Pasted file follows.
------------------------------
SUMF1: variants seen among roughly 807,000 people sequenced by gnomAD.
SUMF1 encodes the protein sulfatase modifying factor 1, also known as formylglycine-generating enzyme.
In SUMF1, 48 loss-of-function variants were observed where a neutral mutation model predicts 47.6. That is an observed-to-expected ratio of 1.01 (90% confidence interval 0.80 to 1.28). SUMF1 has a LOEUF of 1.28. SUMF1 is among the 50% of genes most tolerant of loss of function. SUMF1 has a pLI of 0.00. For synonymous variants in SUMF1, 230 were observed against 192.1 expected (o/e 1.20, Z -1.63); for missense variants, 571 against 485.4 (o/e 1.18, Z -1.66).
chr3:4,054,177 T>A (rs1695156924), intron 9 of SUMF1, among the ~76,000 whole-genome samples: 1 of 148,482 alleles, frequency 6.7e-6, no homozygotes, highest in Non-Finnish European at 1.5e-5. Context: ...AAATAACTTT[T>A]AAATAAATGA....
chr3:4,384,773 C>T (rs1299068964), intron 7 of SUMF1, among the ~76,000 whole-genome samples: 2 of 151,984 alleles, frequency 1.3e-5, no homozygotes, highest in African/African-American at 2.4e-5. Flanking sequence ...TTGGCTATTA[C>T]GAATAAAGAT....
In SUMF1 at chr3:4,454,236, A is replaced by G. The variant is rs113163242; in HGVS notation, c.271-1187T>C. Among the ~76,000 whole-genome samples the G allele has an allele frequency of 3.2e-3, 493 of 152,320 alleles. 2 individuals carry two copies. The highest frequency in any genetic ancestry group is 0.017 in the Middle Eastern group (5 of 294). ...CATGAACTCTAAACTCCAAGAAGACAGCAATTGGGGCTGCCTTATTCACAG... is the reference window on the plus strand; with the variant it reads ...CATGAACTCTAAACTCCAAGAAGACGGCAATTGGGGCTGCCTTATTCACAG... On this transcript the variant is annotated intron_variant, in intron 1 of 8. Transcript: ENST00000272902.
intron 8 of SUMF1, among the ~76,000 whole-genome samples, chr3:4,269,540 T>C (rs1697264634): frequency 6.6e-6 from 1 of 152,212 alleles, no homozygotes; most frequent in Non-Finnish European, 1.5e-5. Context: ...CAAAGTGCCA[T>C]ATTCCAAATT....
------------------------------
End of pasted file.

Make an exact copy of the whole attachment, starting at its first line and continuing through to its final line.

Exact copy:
SUMF1: variants seen among roughly 807,000 people sequenced by gnomAD.
SUMF1 encodes the protein sulfatase modifying factor 1, also known as formylglycine-generating enzyme.
In SUMF1, 48 loss-of-function variants were observed where a neutral mutation model predicts 47.6. That is an observed-to-expected ratio of 1.01 (90% confidence interval 0.80 to 1.28). SUMF1 has a LOEUF of 1.28. SUMF1 is among the 50% of genes most tolerant of loss of function. SUMF1 has a pLI of 0.00. For synonymous variants in SUMF1, 230 were observed against 192.1 expected (o/e 1.20, Z -1.63); for missense variants, 571 against 485.4 (o/e 1.18, Z -1.66).
chr3:4,054,177 T>A (rs1695156924), intron 9 of SUMF1, among the ~76,000 whole-genome samples: 1 of 148,482 alleles, frequency 6.7e-6, no homozygotes, highest in Non-Finnish European at 1.5e-5. Context: ...AAATAACTTT[T>A]AAATAAATGA....
chr3:4,384,773 C>T (rs1299068964), intron 7 of SUMF1, among the ~76,000 whole-genome samples: 2 of 151,984 alleles, frequency 1.3e-5, no homozygotes, highest in African/African-American at 2.4e-5. Flanking sequence ...TTGGCTATTA[C>T]GAATAAAGAT....
In SUMF1 at chr3:4,454,236, A is replaced by G. The variant is rs113163242; in HGVS notation, c.271-1187T>C. Among the ~76,000 whole-genome samples the G allele has an allele frequency of 3.2e-3, 493 of 152,320 alleles. 2 individuals carry two copies. The highest frequency in any genetic ancestry group is 0.017 in the Middle Eastern group (5 of 294). ...CATGAACTCTAAACTCCAAGAAGACAGCAATTGGGGCTGCCTTATTCACAG... is the reference window on the plus strand; with the variant it reads ...CATGAACTCTAAACTCCAAGAAGACGGCAATTGGGGCTGCCTTATTCACAG... On this transcript the variant is annotated intron_variant, in intron 1 of 8. Transcript: ENST00000272902.
intron 8 of SUMF1, among the ~76,000 whole-genome samples, chr3:4,269,540 T>C (rs1697264634): frequency 6.6e-6 from 1 of 152,212 alleles, no homozygotes; most frequent in Non-Finnish European, 1.5e-5. Context: ...CAAAGTGCCA[T>C]ATTCCAAATT....